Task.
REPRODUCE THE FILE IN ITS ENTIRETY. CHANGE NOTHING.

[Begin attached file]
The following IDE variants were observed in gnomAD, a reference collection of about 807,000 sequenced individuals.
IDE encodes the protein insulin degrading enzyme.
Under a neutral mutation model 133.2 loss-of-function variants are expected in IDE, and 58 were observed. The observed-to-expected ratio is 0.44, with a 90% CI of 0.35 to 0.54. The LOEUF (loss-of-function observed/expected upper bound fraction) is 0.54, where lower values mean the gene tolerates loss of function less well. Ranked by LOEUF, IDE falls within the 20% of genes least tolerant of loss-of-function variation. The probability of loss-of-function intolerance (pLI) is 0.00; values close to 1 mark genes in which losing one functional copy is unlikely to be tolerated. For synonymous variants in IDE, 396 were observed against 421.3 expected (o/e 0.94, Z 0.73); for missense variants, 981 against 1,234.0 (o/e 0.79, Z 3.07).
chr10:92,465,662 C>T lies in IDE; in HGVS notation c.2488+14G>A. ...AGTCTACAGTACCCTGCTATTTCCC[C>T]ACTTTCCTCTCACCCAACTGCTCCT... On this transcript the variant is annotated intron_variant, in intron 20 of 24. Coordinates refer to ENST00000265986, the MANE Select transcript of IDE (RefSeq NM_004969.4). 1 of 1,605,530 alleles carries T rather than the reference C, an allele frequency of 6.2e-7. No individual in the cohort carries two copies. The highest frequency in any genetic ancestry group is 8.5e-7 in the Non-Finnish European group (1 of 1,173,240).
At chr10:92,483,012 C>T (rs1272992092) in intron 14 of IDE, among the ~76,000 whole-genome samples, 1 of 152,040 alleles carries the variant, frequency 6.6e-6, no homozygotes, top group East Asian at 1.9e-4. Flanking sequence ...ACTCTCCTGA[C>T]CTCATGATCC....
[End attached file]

The following IDE variants were observed in gnomAD, a reference collection of about 807,000 sequenced individuals.
IDE encodes the protein insulin degrading enzyme.
Under a neutral mutation model 133.2 loss-of-function variants are expected in IDE, and 58 were observed. The observed-to-expected ratio is 0.44, with a 90% CI of 0.35 to 0.54. The LOEUF (loss-of-function observed/expected upper bound fraction) is 0.54, where lower values mean the gene tolerates loss of function less well. Ranked by LOEUF, IDE falls within the 20% of genes least tolerant of loss-of-function variation. The probability of loss-of-function intolerance (pLI) is 0.00; values close to 1 mark genes in which losing one functional copy is unlikely to be tolerated. For synonymous variants in IDE, 396 were observed against 421.3 expected (o/e 0.94, Z 0.73); for missense variants, 981 against 1,234.0 (o/e 0.79, Z 3.07).
chr10:92,465,662 C>T lies in IDE; in HGVS notation c.2488+14G>A. ...AGTCTACAGTACCCTGCTATTTCCC[C>T]ACTTTCCTCTCACCCAACTGCTCCT... On this transcript the variant is annotated intron_variant, in intron 20 of 24. Coordinates refer to ENST00000265986, the MANE Select transcript of IDE (RefSeq NM_004969.4). 1 of 1,605,530 alleles carries T rather than the reference C, an allele frequency of 6.2e-7. No individual in the cohort carries two copies. The highest frequency in any genetic ancestry group is 8.5e-7 in the Non-Finnish European group (1 of 1,173,240).
At chr10:92,483,012 C>T (rs1272992092) in intron 14 of IDE, among the ~76,000 whole-genome samples, 1 of 152,040 alleles carries the variant, frequency 6.6e-6, no homozygotes, top group East Asian at 1.9e-4. Flanking sequence ...ACTCTCCTGA[C>T]CTCATGATCC....